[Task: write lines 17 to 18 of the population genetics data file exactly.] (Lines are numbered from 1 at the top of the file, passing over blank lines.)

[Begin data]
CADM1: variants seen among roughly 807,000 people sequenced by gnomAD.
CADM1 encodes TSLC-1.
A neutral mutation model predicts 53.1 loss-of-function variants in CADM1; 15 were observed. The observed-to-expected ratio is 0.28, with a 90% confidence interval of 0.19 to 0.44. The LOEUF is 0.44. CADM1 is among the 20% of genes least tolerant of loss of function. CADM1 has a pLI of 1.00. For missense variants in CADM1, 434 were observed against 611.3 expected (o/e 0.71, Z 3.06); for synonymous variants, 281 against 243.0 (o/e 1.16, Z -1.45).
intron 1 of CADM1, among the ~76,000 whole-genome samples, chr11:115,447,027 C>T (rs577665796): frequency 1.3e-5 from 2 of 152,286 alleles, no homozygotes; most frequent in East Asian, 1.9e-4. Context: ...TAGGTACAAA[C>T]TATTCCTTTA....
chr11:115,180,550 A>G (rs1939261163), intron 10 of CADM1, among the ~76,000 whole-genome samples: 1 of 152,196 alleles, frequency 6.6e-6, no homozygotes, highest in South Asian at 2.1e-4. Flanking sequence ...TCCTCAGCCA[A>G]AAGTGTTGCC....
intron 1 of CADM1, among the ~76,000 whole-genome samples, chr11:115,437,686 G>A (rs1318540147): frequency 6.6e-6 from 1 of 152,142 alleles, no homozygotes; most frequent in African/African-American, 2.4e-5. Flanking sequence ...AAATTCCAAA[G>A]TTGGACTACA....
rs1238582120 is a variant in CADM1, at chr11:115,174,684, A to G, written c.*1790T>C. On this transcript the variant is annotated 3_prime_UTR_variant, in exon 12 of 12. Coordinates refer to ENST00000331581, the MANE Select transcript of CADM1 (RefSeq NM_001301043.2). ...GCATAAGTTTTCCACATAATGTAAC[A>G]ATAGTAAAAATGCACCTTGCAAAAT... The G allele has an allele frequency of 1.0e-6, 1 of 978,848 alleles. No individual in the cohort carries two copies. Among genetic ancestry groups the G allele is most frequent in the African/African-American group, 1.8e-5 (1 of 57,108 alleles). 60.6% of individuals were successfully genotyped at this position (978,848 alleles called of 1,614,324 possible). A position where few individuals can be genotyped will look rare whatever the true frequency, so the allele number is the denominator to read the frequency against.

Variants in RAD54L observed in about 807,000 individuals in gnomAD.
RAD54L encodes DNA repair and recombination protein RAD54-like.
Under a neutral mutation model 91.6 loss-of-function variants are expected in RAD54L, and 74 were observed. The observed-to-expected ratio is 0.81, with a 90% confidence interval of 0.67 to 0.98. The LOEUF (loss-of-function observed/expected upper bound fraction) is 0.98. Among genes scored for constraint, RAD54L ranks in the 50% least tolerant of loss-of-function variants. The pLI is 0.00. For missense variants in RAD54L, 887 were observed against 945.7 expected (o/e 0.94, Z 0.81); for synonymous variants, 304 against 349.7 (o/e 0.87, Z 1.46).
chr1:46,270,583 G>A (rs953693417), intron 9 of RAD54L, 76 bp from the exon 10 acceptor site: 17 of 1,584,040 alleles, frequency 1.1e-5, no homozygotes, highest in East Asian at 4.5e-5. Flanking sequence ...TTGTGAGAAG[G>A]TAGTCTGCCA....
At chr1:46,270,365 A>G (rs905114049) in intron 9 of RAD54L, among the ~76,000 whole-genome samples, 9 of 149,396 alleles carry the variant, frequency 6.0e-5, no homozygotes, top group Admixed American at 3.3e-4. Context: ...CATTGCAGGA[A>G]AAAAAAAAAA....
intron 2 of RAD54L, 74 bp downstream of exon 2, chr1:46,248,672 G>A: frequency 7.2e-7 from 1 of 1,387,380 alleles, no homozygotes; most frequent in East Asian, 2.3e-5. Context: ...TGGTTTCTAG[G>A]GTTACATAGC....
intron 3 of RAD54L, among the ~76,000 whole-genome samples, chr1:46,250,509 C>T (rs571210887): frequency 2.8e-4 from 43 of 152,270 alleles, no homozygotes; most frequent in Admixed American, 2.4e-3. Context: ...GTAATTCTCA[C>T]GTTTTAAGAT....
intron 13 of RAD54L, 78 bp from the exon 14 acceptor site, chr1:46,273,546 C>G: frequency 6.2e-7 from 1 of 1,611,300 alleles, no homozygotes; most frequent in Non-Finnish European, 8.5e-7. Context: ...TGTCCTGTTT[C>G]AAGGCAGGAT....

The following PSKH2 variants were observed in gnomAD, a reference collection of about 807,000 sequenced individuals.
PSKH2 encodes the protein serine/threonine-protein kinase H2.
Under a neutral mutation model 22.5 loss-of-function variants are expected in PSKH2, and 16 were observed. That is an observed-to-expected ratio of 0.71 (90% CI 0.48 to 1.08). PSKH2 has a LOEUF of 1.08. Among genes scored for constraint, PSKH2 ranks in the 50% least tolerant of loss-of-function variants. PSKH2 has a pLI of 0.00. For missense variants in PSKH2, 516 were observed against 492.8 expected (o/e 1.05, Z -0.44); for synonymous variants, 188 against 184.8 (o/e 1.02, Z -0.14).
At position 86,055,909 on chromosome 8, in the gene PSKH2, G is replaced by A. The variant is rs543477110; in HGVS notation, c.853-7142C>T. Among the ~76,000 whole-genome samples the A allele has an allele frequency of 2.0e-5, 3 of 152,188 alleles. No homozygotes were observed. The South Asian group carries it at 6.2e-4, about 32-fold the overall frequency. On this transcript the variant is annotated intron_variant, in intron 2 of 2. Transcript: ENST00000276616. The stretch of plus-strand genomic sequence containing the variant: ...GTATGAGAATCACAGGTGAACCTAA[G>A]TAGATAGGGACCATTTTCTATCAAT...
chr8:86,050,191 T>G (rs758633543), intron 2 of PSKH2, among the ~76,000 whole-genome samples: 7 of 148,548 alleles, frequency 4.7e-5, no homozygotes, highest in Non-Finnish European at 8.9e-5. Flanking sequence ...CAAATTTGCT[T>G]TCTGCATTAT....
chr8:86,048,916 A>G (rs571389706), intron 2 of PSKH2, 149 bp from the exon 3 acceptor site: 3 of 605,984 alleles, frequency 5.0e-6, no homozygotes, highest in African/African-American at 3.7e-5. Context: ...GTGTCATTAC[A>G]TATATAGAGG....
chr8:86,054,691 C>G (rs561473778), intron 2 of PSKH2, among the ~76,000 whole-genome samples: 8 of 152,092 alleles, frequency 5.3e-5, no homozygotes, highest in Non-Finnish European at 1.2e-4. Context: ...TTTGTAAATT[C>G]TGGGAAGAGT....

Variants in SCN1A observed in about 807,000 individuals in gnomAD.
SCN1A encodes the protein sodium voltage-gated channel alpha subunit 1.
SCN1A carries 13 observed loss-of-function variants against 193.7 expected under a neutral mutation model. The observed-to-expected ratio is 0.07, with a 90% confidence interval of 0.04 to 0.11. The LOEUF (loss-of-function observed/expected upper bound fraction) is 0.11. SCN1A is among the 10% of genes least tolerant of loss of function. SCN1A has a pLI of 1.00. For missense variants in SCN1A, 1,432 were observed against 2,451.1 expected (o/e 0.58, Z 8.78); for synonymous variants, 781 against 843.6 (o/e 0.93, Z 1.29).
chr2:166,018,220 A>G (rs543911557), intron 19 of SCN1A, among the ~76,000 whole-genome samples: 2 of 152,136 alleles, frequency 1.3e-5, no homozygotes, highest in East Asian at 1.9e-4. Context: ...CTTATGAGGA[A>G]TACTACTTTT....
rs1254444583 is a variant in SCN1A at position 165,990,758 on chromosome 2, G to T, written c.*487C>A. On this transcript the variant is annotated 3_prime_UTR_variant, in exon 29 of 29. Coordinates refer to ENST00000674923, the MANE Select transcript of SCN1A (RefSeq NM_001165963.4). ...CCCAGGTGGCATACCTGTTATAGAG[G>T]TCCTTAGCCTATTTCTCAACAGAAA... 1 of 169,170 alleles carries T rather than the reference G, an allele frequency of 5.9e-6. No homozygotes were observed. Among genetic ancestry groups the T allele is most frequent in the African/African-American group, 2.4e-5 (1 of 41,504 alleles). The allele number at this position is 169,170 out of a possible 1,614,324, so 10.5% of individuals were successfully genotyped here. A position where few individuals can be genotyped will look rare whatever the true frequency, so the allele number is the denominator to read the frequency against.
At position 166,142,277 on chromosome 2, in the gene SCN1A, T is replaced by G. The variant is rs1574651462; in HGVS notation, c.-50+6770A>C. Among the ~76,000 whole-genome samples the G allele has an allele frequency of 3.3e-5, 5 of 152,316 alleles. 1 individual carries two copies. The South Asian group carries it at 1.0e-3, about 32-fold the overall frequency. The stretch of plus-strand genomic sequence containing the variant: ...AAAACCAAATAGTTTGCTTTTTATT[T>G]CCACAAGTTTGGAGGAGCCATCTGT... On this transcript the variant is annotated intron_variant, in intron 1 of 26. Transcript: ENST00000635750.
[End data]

PSKH2 encodes the protein serine/threonine-protein kinase H2.
Under a neutral mutation model 22.5 loss-of-function variants are expected in PSKH2, and 16 were observed. That is an observed-to-expected ratio of 0.71 (90% CI 0.48 to 1.08). PSKH2 has a LOEUF of 1.08. Among genes scored for constraint, PSKH2 ranks in the 50% least tolerant of loss-of-function variants. PSKH2 has a pLI of 0.00. For missense variants in PSKH2, 516 were observed against 492.8 expected (o/e 1.05, Z -0.44); for synonymous variants, 188 against 184.8 (o/e 1.02, Z -0.14).